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GPs report knock-on effect of legal aid cuts

Simple social welfare problems are 'spiralling out of control'

3 December 2014

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The number of patients who would benefit from legal advice has increased, according to the majority of doctors.

Researchers, commissioned by charity the Legal Action Group (LAG) and supported by the Law Society, asked a sample of 1001 general practitioners (GPs) whether they believed the number of patients who would have benefited from advice on common legal problems had increased, decreased or stayed the same over the past 12 months.

A total of 88 per cent of the GPs questioned agreed that patients not being able to obtain legal or specialist advice about their problems would have a negative impact on their health.

Two thirds of GPs reported that the number of patients who had issues with benefits would have benefited from legal advice had certainly increased. This was followed closely by debts or financial problems and issues at work as GPS reported a 65 per cent increase.

Just over half of the doctors polled reported a rise in the number of patients with housing problems. A similar proportion reported the same in relation to community care. The lowest proportion was for advice on immigration law, at 30 per cent.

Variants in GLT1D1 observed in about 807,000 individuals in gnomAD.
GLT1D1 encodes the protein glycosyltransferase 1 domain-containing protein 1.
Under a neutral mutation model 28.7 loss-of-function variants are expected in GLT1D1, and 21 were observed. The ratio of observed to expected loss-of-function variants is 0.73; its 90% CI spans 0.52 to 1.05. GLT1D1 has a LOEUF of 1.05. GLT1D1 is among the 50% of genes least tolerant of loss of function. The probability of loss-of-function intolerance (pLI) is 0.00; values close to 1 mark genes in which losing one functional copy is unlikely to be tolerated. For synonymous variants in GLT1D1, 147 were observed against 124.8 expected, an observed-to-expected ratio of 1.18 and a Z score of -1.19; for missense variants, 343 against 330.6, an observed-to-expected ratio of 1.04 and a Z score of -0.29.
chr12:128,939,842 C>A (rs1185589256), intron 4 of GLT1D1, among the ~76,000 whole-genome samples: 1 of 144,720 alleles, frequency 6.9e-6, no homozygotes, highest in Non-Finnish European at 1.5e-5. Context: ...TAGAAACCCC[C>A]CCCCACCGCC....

Commenting on the poll's findings, LAG's director Steve Hynes said: "[We] believe this polling evidence demonstrates the false economy of cutting legal aid for common everyday problems. With early advice, many social welfare law problems can be simple to resolve, but without this they can spiral out of control. This leads to injustice for many people and greater costs to health and other services."

According to a report published by the National Audit Office (NAO), the government has cut spending on civil legal aid by £300m since April 2013. Civil legal aid is no longer available in benefits and employment cases and has also been severely restricted for housing, debt and immigration cases. The NAO report warned that people who previously received advice might suffer health problems, which would have a knock-on impact on public services.

National charity Citizens Advice has led the argument for a linkage between ability to obtain advice on civil legal matters and better health outcomes. A study undertaken by Bangor University in association with the charity five years ago showed significant improvements in health outcomes for its Citizens Advice Cymru bureau clients.

In what LAG's research describes as a "tangible demonstration of the linkage between health and advice", the local bureau operated 640 advice surgeries at GP surgeries in 2010. Evidence indicated that a large percentage of medical professionals believed advice from Citizens Advice Bureaux led to better health outcomes for their patients.

President of the Law Society, Andrew Caplen, added: "This is independent research that the government should not ignore. GPs are giving a clear warning that lack of legal advice can have consequences for a person's health. The government should look at putting back support for legal and specialist advice services for social welfare law problems."

John van der Luit-Drummond is legal reporter for Solicitors Journal

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